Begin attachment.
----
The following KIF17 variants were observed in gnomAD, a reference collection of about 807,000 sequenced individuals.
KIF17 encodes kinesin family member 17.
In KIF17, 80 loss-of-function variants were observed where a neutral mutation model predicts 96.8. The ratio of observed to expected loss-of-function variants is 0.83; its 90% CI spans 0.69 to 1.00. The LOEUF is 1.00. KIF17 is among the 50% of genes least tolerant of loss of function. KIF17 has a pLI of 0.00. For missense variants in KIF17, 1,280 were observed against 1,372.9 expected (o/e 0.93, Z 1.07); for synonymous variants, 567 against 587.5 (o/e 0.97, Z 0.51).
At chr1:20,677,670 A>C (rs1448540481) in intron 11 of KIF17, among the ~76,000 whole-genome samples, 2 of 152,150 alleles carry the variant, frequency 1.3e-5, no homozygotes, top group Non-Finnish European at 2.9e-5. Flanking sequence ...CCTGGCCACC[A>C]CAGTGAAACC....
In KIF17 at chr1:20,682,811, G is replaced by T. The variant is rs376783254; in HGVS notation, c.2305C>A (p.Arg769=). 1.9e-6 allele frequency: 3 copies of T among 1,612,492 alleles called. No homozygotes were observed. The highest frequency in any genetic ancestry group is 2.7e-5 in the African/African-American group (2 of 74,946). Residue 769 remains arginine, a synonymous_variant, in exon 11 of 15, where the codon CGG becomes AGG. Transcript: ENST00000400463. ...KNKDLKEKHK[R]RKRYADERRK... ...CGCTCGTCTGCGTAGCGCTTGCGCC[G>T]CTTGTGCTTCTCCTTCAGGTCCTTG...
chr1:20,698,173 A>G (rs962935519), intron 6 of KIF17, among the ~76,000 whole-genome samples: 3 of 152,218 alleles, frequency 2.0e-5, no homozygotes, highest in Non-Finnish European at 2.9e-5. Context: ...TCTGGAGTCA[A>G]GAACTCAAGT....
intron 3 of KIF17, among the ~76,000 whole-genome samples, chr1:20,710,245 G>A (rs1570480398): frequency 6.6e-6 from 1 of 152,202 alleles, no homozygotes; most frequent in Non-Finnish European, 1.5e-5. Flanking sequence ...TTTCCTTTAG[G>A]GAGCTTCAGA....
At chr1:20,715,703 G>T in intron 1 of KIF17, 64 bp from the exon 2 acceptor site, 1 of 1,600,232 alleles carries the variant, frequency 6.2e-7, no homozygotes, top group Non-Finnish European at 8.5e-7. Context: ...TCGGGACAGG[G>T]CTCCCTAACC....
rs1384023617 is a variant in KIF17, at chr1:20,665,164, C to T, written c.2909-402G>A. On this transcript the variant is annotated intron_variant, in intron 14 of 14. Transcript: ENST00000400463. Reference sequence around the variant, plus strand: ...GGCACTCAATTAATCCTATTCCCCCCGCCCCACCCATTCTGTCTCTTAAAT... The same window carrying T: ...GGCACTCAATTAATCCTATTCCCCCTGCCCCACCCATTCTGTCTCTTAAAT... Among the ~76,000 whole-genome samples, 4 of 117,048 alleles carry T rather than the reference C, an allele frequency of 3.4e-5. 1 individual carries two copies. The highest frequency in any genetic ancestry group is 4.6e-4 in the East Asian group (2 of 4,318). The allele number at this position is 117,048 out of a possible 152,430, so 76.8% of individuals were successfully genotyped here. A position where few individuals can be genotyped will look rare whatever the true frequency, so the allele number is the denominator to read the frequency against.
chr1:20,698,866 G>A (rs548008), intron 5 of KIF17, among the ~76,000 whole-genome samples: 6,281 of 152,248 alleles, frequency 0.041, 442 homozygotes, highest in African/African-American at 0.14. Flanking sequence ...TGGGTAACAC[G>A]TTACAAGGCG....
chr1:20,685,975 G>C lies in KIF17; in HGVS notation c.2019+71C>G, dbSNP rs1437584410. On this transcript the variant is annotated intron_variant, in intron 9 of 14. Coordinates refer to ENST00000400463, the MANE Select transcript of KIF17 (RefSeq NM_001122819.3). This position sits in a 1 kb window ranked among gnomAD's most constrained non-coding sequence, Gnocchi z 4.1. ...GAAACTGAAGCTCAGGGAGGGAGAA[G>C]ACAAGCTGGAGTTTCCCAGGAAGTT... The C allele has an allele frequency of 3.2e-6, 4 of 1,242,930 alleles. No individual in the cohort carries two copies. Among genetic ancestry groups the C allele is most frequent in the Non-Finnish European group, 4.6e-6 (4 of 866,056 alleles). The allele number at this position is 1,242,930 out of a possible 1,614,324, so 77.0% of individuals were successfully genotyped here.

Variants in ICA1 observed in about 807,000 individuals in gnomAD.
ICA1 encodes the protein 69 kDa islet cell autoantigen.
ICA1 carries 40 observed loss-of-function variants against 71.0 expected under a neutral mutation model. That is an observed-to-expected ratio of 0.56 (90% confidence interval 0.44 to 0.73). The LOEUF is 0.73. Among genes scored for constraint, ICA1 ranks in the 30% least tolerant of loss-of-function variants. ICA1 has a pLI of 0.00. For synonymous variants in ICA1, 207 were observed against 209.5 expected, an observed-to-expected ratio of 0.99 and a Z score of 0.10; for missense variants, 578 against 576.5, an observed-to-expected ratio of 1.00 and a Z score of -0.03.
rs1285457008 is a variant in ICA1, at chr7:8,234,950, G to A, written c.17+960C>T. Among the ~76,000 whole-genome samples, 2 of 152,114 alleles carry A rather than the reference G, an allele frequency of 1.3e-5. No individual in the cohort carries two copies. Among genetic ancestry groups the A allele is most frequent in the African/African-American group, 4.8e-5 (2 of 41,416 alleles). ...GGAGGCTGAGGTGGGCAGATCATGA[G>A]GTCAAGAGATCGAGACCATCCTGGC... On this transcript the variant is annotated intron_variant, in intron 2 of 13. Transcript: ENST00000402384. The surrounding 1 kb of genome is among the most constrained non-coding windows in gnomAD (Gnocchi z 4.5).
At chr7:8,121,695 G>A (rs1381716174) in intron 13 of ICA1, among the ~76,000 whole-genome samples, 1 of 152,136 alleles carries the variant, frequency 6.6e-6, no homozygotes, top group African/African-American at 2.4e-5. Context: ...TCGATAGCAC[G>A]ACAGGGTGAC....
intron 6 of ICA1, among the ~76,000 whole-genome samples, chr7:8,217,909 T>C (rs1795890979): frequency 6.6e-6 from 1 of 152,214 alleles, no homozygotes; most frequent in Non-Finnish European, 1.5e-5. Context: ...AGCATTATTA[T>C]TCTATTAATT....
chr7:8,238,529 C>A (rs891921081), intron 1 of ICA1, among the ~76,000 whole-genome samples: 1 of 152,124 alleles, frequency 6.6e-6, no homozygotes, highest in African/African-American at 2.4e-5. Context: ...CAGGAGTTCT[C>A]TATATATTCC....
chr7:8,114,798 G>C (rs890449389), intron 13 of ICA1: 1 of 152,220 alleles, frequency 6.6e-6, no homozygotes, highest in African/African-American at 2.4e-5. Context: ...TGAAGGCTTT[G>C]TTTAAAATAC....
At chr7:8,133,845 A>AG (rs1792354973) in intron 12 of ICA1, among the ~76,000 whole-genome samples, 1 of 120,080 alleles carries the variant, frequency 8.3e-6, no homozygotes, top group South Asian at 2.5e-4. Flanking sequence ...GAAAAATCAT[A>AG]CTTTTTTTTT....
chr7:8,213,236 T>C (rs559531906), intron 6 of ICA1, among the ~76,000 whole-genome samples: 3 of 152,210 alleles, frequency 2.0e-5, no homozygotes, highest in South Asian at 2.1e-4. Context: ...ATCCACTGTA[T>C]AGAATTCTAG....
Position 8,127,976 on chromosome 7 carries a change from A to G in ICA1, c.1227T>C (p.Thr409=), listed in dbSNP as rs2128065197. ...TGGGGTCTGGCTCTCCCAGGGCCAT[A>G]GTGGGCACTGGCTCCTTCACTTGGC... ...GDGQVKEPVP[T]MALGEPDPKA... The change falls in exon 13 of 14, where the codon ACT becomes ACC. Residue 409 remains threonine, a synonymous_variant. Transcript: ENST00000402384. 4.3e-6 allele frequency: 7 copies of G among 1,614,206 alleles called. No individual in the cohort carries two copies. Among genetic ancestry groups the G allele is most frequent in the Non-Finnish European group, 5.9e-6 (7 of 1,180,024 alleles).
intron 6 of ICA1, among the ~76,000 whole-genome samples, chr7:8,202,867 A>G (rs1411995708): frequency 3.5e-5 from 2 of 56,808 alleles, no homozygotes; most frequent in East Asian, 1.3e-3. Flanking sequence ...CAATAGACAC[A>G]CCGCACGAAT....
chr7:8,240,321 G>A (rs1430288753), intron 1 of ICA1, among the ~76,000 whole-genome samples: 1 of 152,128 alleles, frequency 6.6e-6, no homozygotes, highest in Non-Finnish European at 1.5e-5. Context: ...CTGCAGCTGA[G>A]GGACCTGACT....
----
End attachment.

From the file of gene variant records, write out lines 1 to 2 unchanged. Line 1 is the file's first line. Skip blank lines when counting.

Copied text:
The following KIF17 variants were observed in gnomAD, a reference collection of about 807,000 sequenced individuals.
KIF17 encodes kinesin family member 17.